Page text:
The United States went to war in Iraq to destroy weapons of mass destruction and depose Saddam Hussein. No weapons have been found; Saddam is under arrest. The time has come to declare “mission accomplished” and announce a deadline for bringing the troops home. The administration has made a mess of its Iraq campaign, and it will be difficult and costly to disengage, but disengage we must. The nation must not be allowed to sink any deeper into the military and moral quagmire that is Iraq. There are no longer any good options available. An orderly exit is the least costly alternative for both the United States and Iraq.
The administration is beginning to understand it must prepare for an end to its effort. Secretary of State Colin Powell and other G-8 foreign ministers belonging to the coalition announced on May 14 their governments’ willingness to withdraw if the temporary Iraqi government scheduled to take office June 30 requests it. In and outside government, withdrawal is now openly discussed. Even many commentators on the right are now declaring the war a mistake. George Will wrote, “This administration cannot be trusted to govern, if it cannot be counted on to think and, having thought, to have second thoughts.” David Brooks concluded succinctly, “For us to win, we must lose.”
With the help of the international community, everything should be done to institute an elected Iraqi government and to strengthen it so it can reduce chaos and secure the peace. To do so, as the administration has begun to recognize, more U.S. troops will be needed for the short term. But to regain the support of moderate Iraqis and the cooperation of the international community, the inevitable end of U.S. dominance must be apparent to all. A clear exit strategy must be formulated, including inclusion of a U.S. troop contingent under U.N. command and naming a firm date for U.S. withdrawal.
Military authorities themselves say that we are winning tactically but losing strategically. Our troops were never properly trained to occupy, police or carry on nation-building in a hostile environment. The very idea of nation-building was ridiculed by the neoconservatives who are now attempting it.
Meanwhile, the prisoner-abuse scandal continues to expand. It has widened to include other prisons in Iraq and Afghanistan, a secret C.I.A. prison system, covert kidnapings, “renditions” (handing prisoners over to cooperative third-country intelligence officials) and secret prisons outside the military chain of command. Suspicion has inevitably reached up the chain of command to touch General Ricardo Sanchez, the U.S. commander in Iraq, Secretary of Defense Donald Rumsfeld and White House counsel Alberto Gonzalez.
Neither courts-martial nor resignations can restore faith in America’s good intentions. Only an orderly and timely withdrawal can rescue any hope of establishing a stable, self-governing Iraq, preventing an endless, ever worsening war and limiting the spread of Islamist terrorism. The world, especially Iraq, is less safe now than it was before the war. An Iraqi government will have a difficult time holding down the forces the war has unchained. Without the provocative U.S. military presence, however, Iraqi officials will have a better chance of checking Islamic militancy and terrorism. Neither the U.S. military nor the Iraqi people ought to be made to pay any more for the tragic mistakes of this administration.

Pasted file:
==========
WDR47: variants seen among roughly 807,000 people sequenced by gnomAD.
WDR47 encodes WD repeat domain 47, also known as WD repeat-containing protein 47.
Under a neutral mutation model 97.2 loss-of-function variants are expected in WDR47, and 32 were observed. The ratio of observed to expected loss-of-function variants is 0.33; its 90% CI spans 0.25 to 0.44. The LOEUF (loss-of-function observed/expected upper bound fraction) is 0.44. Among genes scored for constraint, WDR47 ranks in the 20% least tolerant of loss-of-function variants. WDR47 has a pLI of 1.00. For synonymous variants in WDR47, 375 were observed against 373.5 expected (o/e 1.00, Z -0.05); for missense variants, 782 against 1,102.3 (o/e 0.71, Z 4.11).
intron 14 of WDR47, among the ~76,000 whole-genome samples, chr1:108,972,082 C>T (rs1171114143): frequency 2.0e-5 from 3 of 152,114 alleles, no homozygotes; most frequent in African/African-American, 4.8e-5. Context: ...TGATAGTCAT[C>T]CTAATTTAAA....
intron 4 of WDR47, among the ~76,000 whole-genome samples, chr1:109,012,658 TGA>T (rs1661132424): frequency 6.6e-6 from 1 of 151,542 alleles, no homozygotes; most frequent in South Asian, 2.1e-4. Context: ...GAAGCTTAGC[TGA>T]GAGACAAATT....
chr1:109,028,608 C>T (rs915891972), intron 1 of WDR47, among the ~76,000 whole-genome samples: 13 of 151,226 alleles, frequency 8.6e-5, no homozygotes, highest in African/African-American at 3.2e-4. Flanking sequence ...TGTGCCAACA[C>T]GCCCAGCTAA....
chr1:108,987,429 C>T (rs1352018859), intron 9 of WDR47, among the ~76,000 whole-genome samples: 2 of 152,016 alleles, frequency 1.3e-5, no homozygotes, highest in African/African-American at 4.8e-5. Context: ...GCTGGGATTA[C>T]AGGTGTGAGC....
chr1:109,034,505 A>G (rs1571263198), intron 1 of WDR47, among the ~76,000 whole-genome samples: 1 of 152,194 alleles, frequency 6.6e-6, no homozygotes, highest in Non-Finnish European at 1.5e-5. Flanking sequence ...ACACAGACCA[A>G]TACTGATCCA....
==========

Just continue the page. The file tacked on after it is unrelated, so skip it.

Others may contend that withdrawal is irresponsible. We, however, propose withdrawal in the spirit of responsibility. A force capable of maintaining order until an Iraqi government can provide security is clearly necessary, and the United States, having brought about this chaotic situation, is under obligation to provide financial and logistical support for such an international effort. But the United States does not possess the capacity to bring about orderly change unilaterally by military force. As much as we may want to think the U.S. military presence is indispensable to establishing stability for Iraq, that very presence has become an obstacle to peace. Without the capacity to establish stable order in Iraq, the responsible course for the United States is to withdraw and to assist others to make the peace that eludes us.
At some point, there must be a reckoning. The errors made in the justification, planning and execution of the Iraq war are of horrendous proportions. The men and women responsible for this delusional “war of choice” must be held accountable. In time the nation, including members of both parties in Congress who supported the administration’s war, must recognize its responsibility for this unjust war. No more blood should be shed to preserve face for a neoconservative ideology that has exploited the emotions evoked by Sept. 11 in order to pursue a prior ideological goal. Unable to impose a peace of our design, there is no honorable course but to withdraw with all due speed.